Science, religions and academics have poised this question for hundreds of years and now, with new breakthrough research we have the answers.
New testing techniques now allow us to test the rehydrated saliva of each of our ancestral species to test for the presence of a streptococci bacteria that was present due to the presence of large amounts of starch which it fed on.
There have been so many theories as to what foods out ancestors ate to aid in our development and especially the development of our big brain.
Was it all the fat from the meat we ate?
Was it the starches we started gaining access to through the ability to form the alpha amylase enzyme in both our mouth and gut?
Was it the invention of fire that let us eat more calories from novel sources that we would not be able to digest otherwise?
One thing is absolutely for sure, we had to change our dietary habits for us to develop brains literally three times the size of our pre-human ancestors.
To understand the answers to these and a few more questions that we must ask, we’ll need to take a trip through ancient history up to the present, and when we say ancient history, we really mean it.
To begin we have to answer the question…
What Did Pre-Humans Eat?
Countless studies from around the world have shown that pre-humanoids ate most anything they could that grew in their geographical location.
This means that if they were in tropical environments, they ate fruits and other plant matter, but almost always fruits if they were available.
Those that were in the plains ate mostly cereal grasses, while those in mountain ranges focused on berries, cereal grasses, eatable leaves and other digestible plant matter.
Virtually all would opportunistically consume bugs and small creatures such as lizards when they crawled in front of them.
There are a few instances of evidence of the use of tools such as sticks that were used to stick into termite mounds to pull out the tasty bugs and pick them off the sticks and eat them.
A few brave souls would steal carcass pieces from kills of other animals and then run and share the prize with the group. This was of course dangerous as you can imagine. Stealing a piece of a gazelle from a lion or a pack of hyenas was about as safe as jumping off a cliff in the dark when you can’t see the bottom.
However, as you might have gathered from their different various diets, plants were the main course and other forms of proteins were at best snacks or steals.
Now, since these were pre-humans, what changed, in their diets, living environments or possibly even social structures that allowed them to take the steps towards becoming modern man?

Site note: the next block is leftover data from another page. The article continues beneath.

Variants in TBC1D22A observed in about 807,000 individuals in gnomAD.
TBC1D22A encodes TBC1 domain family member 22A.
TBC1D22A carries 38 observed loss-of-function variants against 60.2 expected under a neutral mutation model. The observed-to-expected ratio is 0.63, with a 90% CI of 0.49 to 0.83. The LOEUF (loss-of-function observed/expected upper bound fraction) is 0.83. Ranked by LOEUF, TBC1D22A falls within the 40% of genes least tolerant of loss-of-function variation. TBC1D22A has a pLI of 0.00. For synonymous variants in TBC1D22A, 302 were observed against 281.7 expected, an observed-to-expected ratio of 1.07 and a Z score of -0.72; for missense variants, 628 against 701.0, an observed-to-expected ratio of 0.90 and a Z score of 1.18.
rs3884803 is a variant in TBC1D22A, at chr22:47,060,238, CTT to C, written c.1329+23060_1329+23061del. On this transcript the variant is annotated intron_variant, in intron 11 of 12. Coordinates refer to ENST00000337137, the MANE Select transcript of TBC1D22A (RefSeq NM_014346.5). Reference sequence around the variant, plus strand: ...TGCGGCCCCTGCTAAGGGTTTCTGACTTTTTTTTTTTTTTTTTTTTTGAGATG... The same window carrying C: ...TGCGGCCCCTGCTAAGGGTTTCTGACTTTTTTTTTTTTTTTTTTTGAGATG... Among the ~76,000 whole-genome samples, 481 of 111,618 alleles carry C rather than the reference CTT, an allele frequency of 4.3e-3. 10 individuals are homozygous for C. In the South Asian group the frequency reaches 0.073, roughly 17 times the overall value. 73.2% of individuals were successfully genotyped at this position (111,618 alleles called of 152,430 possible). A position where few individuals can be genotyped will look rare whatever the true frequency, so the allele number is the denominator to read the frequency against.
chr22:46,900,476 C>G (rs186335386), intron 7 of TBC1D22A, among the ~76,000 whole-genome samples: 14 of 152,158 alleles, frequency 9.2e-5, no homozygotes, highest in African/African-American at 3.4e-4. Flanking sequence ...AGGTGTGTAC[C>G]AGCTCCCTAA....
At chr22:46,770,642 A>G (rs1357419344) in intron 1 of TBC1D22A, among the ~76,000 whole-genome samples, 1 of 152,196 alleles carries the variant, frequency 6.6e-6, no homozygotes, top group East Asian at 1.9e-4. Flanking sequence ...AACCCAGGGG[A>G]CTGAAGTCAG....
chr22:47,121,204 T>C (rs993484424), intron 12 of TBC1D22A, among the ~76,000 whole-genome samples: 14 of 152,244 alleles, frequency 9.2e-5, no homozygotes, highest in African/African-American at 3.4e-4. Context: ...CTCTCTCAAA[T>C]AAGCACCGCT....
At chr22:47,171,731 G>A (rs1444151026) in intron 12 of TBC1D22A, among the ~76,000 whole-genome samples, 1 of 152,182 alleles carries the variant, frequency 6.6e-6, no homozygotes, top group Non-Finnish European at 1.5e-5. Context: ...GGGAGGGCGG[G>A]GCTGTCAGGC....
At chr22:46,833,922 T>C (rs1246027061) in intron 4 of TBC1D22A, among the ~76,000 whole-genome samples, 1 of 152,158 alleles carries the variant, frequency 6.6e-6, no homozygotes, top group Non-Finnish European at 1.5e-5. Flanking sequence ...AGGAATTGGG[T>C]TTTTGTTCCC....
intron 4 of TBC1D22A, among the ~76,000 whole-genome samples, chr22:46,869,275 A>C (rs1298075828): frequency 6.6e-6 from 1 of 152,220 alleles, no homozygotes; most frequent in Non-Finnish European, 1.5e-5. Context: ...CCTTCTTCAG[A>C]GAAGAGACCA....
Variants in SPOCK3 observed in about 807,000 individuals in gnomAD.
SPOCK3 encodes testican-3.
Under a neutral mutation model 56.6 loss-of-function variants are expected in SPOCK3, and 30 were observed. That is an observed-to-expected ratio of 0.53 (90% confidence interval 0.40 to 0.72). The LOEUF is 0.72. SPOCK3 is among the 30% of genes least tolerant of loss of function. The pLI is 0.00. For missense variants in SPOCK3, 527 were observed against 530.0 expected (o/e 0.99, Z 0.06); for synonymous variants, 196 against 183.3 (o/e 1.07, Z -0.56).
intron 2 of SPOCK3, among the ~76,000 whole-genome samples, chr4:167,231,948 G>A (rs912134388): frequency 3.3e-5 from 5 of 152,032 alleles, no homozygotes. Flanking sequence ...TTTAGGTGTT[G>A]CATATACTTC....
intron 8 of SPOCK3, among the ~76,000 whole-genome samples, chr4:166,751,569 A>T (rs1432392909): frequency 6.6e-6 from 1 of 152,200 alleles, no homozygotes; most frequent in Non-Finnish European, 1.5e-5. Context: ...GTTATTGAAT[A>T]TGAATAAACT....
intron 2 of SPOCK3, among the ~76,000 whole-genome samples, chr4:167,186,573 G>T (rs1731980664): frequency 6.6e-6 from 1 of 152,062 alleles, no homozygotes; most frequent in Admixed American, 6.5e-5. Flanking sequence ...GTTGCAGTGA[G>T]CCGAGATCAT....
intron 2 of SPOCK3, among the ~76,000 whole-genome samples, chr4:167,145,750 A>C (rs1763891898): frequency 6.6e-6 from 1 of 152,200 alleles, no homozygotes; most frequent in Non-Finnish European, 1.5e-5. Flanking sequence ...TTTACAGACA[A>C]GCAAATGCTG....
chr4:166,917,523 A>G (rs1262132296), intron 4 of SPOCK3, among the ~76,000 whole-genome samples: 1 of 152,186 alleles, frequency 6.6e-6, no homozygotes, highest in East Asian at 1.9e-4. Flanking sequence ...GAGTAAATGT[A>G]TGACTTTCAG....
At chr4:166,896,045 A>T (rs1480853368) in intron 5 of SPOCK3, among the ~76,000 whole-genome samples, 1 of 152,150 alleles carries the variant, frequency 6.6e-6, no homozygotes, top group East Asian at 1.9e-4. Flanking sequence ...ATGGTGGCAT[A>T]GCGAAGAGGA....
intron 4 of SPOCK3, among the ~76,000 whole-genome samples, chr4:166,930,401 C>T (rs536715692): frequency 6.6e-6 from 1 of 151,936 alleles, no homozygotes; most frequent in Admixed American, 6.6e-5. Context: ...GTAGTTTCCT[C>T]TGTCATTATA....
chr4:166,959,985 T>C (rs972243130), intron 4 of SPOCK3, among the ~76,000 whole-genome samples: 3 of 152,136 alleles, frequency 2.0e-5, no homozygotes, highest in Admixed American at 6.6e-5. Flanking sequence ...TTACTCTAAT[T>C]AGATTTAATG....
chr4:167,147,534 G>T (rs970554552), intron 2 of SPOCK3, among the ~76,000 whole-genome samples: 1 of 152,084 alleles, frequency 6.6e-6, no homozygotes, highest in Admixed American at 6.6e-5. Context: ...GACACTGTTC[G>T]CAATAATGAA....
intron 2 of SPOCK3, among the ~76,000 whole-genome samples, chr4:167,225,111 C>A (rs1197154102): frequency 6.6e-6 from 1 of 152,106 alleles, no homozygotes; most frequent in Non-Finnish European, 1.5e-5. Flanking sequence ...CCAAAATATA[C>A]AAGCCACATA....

Something certainly happened, but what was it?
Let’s take a look and put it all together.
One of the first things you have to look at is, when did an event happen?
If you see a certain result in history you should ask, when did that happen.
Because, you know the change that took place, then once you know when that change took place you can figure out what they did differently at that time and that might just be what you’re after.
So, the next logical question is…
When Did Humans Split Off From The Rest Of The Homo Genus’s?
The homo genus variety of species began to split off from pre-humans as early as about 1.8 to 2.2 million years ago.
Then the homo heidelbergensis began to emerge and it is believed that homo erectus began their dominance somewhere between 1.1 million years ago and as little as just 600,000 years ago depending upon who’s research you read, with virtually all signs of homo heidelbergensis having all but disappeared by that point.
There are a number of reasons they may have died out. Some claim climate change, or a natural disaster.
However, the most likely was that as nature evolves so must species.
This is to say that, when your environment changes in multiple ways, your species must adapt or be left behind.
If a newer and faster cheetah was to begin spreading across Africa, then their prey animals such as gazelles would either become faster or be hunted out.
These changes are generally very slow and take tens or even hundreds of generations, as such, the way it usually works is…
The cheetahs start adapting to get faster because only the fastest survive, the slow cannot catch prey. So, over many generations the genes from the fastest become dominant and as the genes go, so goes the species.
The gazelles begin to adapt to this in response because the slower gazelles get eaten and the faster survive and pass this characteristic on via mating.
Ok, that sounds cool, but what about humans?
Well, as an example. Let’s say the climate became either more arid or wet because we’ve always had climate change. Different plant species and animals (foods) would then become dominant, and others would die out. If you lacked the enzymes needed to break down and extract nutrition from these new calorie sources, then you would slowly starve and not be allowed to mate because you’re a weakling and cannot compete for mates. This thrn ensures that your genes are not passed on, which is the whole theory of ‘survival of the fittest’.
That’s just one example that you’ll later see is in opposite to the reasons we were able to develop our brains to become modern man.
However, using the food analogy, because we are discovering what foods caused our brain development then the next logical question would be…
What Did The Earliest Humans Eat?
They ate mostly the same things that the pre-humans ate with the exception that they started adding in novel starches from tubers that we will discuss in a moment.
How Do We Know Which Foods Early Humans Ate?
We can look at their remains and analyze the foods that were still stuck in their teeth and of course analyze their excrement.
Both of these have shown us that carbohydrate rich foods were the norm and most any form of animal flesh was a rarity in any type of quantity.
Then, as we discussed before, a new science has been developed that can study the bacteria in their saliva, gut and well-preserved excrement that shows the types of bacteria that were present.